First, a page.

# Expansion of the interaction term in the microscopic derivation of the Lindblad equation

I'm reading The Theory of Open Quantum Systems by Heinz-Peter Breuer and Francesco Petruccione, and in chapter 3, I can't understand the decomposition of the interaction Hamiltonian:

We assume that $$H=H_S + H_B + H_I$$, where we assume that $$H_I = \sum\limits_{\alpha}A_{\alpha}\otimes B_{\alpha} ~~~\textrm{(Eq. 3.119)},$$ where $$A_{\alpha}$$ acts on the system and $$B_{\alpha}$$ acts on the bath, only. If we assume that the system Hamiltonian, $$H_S$$ has a discrete energy spectra, then by the spectral theorem, we can write $$A_{\alpha} = \sum\limits_{\epsilon,\epsilon'} \langle \epsilon | A_{\alpha} | \epsilon '\rangle \cdot |\epsilon\rangle\langle \epsilon'| = \sum\limits_{\epsilon, \epsilon'}\Pi(\epsilon)A_{\alpha}\Pi(\epsilon').$$ However, in the book, Eq. 3.120 only considers $$\epsilon$$ and $$\epsilon'$$ values, for which $$\omega = \epsilon'-\epsilon$$ is fixed: $$A_{\alpha}(\omega) = \sum\limits_{\omega = \epsilon'-\epsilon}\Pi(\epsilon)A_{\alpha}\Pi(\epsilon').$$ What is the motivation for this expansion? Why are we restricting the values of $$\epsilon$$ and $$\epsilon'$$ to have a fixed difference?

All this is saying is that there are three important terms to consider: The Hamiltonian $$H^{\,}_S$$ for the system alone, the Hamiltonian $$H^{\,}_B$$ for the bath alone, and the terms $$H^{\,}_I$$ that couple the system and bath.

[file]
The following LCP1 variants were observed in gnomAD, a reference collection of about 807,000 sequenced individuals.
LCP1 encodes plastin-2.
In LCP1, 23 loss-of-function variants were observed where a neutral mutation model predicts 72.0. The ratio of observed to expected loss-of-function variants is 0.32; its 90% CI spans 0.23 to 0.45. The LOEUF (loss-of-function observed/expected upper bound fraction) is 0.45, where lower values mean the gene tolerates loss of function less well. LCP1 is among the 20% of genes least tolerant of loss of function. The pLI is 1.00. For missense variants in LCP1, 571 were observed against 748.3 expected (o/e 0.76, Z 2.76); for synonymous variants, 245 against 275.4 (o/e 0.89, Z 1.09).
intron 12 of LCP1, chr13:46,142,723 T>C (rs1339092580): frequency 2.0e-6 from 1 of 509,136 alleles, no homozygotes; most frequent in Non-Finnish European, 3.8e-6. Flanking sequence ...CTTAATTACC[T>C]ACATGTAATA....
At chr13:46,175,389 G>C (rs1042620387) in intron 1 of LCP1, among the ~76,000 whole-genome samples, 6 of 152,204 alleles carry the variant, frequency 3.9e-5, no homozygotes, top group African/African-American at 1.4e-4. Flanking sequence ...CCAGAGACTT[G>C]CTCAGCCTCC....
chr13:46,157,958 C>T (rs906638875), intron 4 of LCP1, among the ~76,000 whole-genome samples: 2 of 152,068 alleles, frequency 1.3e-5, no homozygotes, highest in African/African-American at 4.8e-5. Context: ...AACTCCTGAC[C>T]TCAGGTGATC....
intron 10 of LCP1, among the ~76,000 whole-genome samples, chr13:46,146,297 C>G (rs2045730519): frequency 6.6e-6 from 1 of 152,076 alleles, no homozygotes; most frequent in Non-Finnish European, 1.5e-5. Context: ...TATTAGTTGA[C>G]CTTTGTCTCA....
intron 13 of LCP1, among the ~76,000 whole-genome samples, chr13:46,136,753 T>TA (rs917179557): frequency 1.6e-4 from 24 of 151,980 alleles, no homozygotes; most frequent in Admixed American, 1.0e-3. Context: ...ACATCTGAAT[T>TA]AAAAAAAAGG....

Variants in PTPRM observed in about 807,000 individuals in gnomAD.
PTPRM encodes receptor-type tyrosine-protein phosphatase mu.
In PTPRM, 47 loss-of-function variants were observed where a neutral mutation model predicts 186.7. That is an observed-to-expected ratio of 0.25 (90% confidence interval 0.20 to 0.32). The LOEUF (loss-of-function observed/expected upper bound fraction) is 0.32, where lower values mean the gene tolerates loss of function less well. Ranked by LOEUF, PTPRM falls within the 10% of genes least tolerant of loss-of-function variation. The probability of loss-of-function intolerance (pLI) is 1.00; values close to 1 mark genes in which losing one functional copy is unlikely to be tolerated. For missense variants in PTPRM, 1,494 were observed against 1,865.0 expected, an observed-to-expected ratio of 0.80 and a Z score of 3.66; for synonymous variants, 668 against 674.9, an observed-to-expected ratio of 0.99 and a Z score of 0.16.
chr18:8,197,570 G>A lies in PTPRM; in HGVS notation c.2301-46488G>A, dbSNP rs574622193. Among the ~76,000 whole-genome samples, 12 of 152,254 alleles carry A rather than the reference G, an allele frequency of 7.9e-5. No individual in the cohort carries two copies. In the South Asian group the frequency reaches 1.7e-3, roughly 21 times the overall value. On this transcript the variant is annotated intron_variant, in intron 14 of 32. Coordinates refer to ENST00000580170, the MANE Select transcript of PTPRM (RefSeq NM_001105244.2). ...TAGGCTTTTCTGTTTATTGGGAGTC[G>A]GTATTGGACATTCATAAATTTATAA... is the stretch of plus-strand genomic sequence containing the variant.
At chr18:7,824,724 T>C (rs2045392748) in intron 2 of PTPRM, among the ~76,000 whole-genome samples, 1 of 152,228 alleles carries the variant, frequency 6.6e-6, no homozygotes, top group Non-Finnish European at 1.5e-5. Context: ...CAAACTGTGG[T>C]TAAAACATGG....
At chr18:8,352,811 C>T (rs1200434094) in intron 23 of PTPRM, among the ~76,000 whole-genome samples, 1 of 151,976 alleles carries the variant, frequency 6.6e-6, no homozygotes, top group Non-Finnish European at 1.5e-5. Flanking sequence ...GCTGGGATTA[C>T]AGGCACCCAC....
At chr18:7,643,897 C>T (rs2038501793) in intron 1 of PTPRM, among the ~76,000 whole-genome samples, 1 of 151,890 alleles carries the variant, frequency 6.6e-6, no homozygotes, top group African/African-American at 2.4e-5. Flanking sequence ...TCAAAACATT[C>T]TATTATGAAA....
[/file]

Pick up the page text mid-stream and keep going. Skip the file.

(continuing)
As far as the fixed energy difference, in the final expression for the Liouvillean / Lindbladian / master equation, you will sum over all energy differences $$\omega$$. So it's not that you're requiring a particular fixed energy difference. It's just that it's easier to collect terms based on how much energy is absorbed from / given to the bath.
I suggest reading ahead until you find the Lindblad equation with the sum over $$\omega$$. Things will probably be more clear there. For one thing, grouping terms by the amount of energy exchanged between the system and bath leads to a nicer form of the Lindblad/Liouville equation. You're basically working in the basis of the Hamiltonians for the system/bath individually, looking at the system-bath terms in this basis, regrouping them by the energy exchanged, and eventually, tracing out the bath. The point is that terms that exchange energy $$\omega$$ with the bath couple to one another in the Lindblad equation, and terms that exchange different amounts of energy are not coupled (to leading order).